System stays in background

While I only got to drive the 2012 LaCrosse for a little over an hour, I was impressed at how utterly unimpressive the eAssist was.

Everything works in the background. There's no electric motor whirl at takeoff. There's no pull of the re-gen motor when the brakes are applied. There is only the slightest of vibrations, hardly noticeable when the engine restarts after pausing at a stoplight.

The system works so smoothly few will notice. When the LaCrosse eAssist arrives, there will be customers who never realize exactly how gasoline frugal their car is or that this car is acting like a hybrid in many ways — and in some ways, more sophisticated than a traditional hybrid.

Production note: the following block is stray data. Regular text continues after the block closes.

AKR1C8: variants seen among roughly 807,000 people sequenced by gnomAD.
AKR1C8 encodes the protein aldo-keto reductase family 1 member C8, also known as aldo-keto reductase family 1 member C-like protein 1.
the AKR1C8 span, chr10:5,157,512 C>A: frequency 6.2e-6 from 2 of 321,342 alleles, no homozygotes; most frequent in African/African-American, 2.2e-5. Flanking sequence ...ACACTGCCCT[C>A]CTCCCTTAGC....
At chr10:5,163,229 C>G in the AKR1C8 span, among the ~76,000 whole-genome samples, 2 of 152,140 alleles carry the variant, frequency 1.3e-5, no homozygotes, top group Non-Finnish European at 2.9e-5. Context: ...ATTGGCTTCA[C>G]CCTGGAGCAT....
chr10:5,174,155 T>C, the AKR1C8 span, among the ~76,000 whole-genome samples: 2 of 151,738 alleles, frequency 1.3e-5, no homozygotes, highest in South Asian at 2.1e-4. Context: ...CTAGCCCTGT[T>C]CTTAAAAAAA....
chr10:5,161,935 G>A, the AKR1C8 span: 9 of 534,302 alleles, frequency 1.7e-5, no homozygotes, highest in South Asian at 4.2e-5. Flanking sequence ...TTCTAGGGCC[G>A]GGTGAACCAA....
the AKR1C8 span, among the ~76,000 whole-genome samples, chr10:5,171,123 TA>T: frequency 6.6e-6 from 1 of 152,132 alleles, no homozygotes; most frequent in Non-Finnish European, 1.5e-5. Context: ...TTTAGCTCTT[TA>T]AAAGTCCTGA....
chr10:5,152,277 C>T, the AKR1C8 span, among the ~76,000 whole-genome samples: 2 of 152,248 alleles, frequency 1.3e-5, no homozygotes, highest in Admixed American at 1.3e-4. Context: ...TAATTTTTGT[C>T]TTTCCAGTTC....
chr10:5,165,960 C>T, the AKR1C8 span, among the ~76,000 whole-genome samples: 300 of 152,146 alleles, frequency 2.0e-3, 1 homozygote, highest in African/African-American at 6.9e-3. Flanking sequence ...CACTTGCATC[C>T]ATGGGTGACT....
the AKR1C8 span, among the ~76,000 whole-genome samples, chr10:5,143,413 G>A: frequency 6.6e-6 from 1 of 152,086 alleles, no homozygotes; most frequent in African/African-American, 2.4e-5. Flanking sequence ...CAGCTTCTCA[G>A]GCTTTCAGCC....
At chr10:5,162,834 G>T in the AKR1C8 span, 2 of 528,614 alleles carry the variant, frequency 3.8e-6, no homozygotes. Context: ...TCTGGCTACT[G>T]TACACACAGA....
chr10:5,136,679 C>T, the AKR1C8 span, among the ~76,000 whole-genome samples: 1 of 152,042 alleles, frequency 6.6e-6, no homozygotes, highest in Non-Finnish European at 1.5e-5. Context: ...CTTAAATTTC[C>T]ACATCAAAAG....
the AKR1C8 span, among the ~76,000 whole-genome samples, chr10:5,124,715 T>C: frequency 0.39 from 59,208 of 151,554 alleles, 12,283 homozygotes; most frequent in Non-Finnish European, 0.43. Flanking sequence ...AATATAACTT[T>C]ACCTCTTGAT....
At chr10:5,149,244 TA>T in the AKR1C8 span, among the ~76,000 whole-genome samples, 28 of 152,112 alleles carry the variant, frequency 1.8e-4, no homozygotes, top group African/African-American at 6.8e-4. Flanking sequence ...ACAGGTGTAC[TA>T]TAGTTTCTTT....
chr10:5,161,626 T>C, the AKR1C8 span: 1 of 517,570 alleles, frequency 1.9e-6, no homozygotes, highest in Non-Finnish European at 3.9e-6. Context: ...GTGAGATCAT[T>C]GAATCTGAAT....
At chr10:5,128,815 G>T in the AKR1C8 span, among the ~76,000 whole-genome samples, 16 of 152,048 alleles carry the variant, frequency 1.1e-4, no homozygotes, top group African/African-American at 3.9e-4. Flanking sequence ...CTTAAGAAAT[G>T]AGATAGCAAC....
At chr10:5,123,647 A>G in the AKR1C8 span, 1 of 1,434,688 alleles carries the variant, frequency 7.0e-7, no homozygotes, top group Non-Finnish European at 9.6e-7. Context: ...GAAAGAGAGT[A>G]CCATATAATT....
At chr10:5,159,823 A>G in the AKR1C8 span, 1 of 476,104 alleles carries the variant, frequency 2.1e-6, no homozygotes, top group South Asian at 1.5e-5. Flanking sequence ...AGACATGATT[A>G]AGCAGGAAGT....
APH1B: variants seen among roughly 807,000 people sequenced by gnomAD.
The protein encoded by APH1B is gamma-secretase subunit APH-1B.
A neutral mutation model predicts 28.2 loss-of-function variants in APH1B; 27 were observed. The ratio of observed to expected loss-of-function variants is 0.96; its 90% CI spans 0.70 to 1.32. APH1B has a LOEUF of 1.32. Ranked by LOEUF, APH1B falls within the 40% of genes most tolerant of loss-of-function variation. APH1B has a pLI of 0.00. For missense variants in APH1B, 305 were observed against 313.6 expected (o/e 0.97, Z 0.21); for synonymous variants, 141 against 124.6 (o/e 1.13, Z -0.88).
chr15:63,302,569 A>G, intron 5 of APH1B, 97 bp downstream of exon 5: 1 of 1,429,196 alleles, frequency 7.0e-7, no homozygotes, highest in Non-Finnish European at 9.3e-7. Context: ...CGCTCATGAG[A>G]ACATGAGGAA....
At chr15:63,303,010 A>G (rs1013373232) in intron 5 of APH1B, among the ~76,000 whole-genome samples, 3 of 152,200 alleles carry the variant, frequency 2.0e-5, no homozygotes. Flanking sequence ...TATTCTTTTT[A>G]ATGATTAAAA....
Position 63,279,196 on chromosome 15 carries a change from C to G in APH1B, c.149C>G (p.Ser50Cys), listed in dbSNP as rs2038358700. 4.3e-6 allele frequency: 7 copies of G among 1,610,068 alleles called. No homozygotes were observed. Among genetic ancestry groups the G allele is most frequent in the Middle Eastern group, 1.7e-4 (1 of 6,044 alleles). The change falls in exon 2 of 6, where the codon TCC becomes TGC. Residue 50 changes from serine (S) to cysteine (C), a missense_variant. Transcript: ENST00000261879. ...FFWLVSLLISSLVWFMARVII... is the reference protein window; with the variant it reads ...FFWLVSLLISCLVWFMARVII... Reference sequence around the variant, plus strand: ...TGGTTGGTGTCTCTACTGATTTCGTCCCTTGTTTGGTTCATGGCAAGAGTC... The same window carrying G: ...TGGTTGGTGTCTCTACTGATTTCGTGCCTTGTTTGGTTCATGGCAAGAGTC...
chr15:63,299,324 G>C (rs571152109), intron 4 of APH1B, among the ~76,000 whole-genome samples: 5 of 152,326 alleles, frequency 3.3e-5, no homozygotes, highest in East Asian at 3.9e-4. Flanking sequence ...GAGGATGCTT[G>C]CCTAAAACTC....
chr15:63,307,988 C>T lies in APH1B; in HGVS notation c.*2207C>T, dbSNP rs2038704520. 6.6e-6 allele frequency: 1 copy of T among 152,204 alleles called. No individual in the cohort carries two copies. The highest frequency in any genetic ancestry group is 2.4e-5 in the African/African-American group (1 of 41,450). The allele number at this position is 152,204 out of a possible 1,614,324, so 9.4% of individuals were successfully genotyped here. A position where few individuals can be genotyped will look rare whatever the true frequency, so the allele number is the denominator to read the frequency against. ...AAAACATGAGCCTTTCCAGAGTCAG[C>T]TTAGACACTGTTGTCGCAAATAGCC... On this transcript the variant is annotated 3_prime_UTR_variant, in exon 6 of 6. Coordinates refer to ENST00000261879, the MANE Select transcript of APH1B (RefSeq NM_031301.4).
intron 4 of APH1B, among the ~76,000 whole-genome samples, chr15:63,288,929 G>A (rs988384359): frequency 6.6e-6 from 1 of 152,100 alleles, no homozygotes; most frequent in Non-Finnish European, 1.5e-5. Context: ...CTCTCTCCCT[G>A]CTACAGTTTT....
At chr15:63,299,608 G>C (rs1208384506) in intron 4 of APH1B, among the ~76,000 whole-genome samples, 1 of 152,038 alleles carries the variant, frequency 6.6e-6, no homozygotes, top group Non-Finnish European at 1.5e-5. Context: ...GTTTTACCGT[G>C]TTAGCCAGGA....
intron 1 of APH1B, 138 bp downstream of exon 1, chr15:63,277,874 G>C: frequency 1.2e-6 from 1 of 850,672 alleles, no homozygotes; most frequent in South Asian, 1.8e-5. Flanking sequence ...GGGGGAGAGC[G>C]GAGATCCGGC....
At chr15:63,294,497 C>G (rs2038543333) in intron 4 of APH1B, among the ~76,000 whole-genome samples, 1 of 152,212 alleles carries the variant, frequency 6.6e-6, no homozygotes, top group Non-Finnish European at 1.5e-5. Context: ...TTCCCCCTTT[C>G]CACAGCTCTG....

See, what really smart engineers have done is connect a 15-horsepower electric motor to the engine to assist it whenever there's a need. The electric assist (eAssist. Get it?) will add some power at different moments. Whether pushing up a slight grade of road or starting the LaCrosse from a standstill, the electric motor can keep the car in a higher gear longer, or just help move it without using any additional fuel. The motor is not strong enough to drive the car through a parking lot like most hybrids today, but it doesn't need to — it actually provides better mileage than a number of gas-electric hybrids on the road today.

It also uses the motor as a generator to collect energy when the LaCrosse is coasting or slowing down. By now, most people understand regenerative braking, which turns energy once lost as heat on the brake pads into electricity that is sent to a small lithium-ion battery pack in the truck. That energy is then later used to seamlessly assist the engine.

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